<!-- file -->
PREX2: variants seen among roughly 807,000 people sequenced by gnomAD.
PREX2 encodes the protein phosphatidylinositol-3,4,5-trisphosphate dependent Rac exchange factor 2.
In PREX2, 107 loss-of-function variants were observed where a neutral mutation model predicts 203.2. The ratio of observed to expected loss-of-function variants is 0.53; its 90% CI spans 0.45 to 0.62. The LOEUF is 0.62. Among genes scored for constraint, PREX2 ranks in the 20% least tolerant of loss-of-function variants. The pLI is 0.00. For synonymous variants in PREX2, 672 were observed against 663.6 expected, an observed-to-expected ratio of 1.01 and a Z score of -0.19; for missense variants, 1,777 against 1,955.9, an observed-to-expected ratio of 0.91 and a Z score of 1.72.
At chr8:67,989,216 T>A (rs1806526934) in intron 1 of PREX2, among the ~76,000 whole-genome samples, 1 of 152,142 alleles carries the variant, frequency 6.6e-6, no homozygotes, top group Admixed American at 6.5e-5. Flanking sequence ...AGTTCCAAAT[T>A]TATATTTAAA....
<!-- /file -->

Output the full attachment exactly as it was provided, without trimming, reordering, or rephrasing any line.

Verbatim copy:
PREX2: variants seen among roughly 807,000 people sequenced by gnomAD.
PREX2 encodes the protein phosphatidylinositol-3,4,5-trisphosphate dependent Rac exchange factor 2.
In PREX2, 107 loss-of-function variants were observed where a neutral mutation model predicts 203.2. The ratio of observed to expected loss-of-function variants is 0.53; its 90% CI spans 0.45 to 0.62. The LOEUF is 0.62. Among genes scored for constraint, PREX2 ranks in the 20% least tolerant of loss-of-function variants. The pLI is 0.00. For synonymous variants in PREX2, 672 were observed against 663.6 expected, an observed-to-expected ratio of 1.01 and a Z score of -0.19; for missense variants, 1,777 against 1,955.9, an observed-to-expected ratio of 0.91 and a Z score of 1.72.
At chr8:67,989,216 T>A (rs1806526934) in intron 1 of PREX2, among the ~76,000 whole-genome samples, 1 of 152,142 alleles carries the variant, frequency 6.6e-6, no homozygotes, top group Admixed American at 6.5e-5. Flanking sequence ...AGTTCCAAAT[T>A]TATATTTAAA....